Even Dread Scott’s name alludes to America’s troubled racial past by referencing the Dred Scott of the notorious “Dred Scott Decision” that tightened the grip of slavery on American democracy and contributed to the eventual Civil War. But the artist puns on the first name by accentuating the “dread” in the “Dred Scott Decision” and suggesting that African-Americans still dread many aspects of life in America a century and a half after the end of slavery. Scott’s targeted other types of inequality in America beyond race. In 2010’s Money to Burn, Scott occupied Wall Street and began burning small bills while encouraging others to follow suit. “The transgressive act of burning my own money alluded to the absurdity of a system based on profit,” the artist explained. “It’s crazy to burn money but it is the height of rationality to have a market where billions can vanish.” The cruel irony of history repeating itself, whether it be racial frictions or bank bailouts, isn’t lost on Scott and drives the interest behind his performances.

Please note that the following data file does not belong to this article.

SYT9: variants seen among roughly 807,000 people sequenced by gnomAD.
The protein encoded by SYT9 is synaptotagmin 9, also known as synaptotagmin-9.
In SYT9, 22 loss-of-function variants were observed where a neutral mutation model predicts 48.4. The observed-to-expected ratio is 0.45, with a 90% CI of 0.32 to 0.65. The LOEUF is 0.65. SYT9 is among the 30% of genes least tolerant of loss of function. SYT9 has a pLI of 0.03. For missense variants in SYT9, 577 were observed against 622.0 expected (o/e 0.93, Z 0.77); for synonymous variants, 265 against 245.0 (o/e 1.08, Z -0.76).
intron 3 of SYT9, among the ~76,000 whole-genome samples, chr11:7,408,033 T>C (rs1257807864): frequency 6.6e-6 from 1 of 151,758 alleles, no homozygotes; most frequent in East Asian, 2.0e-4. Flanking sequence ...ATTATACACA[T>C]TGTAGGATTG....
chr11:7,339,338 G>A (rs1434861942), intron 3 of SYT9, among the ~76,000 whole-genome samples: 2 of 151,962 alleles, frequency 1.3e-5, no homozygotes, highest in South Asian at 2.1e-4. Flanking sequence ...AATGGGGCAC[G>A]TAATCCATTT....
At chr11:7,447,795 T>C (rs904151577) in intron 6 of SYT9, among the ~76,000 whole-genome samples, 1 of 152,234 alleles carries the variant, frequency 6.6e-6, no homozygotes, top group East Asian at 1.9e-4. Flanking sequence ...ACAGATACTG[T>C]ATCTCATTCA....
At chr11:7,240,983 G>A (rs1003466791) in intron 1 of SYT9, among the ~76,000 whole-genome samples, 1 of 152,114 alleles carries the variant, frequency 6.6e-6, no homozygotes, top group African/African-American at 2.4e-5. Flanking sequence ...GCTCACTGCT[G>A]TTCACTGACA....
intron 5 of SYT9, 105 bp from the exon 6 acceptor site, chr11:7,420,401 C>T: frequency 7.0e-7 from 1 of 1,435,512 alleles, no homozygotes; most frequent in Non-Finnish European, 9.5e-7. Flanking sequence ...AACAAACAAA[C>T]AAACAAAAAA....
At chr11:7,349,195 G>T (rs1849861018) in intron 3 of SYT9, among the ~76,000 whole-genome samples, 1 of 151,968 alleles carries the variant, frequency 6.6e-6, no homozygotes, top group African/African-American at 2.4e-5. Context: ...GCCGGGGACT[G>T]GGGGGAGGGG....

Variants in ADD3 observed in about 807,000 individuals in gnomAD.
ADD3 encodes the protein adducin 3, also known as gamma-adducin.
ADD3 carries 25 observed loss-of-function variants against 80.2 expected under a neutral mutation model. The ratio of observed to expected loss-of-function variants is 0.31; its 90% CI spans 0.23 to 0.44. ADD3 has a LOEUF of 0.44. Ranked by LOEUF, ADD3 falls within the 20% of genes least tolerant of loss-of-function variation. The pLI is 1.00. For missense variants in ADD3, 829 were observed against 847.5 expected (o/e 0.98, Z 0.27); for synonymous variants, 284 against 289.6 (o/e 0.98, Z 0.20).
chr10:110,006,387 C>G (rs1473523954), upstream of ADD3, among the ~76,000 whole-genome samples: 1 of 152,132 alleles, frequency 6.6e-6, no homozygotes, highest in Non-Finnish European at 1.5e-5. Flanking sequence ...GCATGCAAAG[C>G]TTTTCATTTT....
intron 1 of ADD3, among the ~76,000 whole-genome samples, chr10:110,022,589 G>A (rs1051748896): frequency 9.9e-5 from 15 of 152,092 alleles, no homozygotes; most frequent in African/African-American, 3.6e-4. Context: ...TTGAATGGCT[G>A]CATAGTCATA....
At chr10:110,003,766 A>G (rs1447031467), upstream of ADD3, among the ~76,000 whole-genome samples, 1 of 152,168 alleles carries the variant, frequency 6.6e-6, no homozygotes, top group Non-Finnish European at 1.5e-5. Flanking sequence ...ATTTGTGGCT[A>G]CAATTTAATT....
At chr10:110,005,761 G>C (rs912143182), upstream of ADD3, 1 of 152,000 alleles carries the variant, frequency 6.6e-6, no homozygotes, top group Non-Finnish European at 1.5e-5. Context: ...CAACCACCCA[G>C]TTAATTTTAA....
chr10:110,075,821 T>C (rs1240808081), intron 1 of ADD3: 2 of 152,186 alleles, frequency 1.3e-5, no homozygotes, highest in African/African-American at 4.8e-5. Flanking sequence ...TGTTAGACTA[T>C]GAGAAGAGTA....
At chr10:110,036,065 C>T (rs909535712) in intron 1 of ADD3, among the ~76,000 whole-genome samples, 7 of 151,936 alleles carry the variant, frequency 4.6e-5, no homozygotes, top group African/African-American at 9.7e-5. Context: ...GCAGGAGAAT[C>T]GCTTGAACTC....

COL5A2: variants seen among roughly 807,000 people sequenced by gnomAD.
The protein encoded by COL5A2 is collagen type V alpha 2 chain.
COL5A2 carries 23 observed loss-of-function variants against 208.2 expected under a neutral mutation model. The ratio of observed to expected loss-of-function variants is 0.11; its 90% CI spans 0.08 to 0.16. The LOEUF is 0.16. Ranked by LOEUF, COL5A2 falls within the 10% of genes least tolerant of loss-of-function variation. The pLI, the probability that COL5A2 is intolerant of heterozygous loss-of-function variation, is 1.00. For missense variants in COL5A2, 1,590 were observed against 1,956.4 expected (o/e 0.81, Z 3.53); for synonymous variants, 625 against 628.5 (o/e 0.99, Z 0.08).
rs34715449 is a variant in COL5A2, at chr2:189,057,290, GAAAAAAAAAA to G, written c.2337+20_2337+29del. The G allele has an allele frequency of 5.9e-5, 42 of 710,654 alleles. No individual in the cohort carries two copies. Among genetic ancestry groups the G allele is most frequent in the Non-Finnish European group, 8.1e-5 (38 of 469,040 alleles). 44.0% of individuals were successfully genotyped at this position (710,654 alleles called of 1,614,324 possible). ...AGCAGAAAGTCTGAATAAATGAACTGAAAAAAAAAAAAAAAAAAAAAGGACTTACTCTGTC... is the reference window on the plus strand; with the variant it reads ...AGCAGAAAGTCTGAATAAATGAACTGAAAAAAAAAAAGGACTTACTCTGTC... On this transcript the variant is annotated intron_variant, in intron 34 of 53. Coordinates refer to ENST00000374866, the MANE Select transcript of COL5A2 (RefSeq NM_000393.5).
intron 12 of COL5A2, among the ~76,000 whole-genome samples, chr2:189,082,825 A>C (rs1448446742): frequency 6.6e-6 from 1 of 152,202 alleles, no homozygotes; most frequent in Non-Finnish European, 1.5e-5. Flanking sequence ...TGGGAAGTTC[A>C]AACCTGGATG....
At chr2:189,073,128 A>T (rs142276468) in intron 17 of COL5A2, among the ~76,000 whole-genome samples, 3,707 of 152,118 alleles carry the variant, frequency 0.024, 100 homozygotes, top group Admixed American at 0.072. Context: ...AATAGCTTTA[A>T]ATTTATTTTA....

Similarly, Columbia University studio art major Emma Sulkowicz’s Mattress Performance: Carry That Weight captures the interest of a broad audience in a way that most art fails to do today. The victim of a sexual assault in her own dorm room bed, Sulkowicz decided at the beginning of the fall semester to carry her mattress around until the man who raped her left Columbia’s campus. While moving a mattress over the summer break, Sulkowicz thought about how I was raped in my own bed at Columbia; and how the mattress represents a private place where a lot of your intimate life happens; and how I have brought my life out in front for the public to see; and the act of bringing something private and intimate out into the public mirrors the way my life has been.”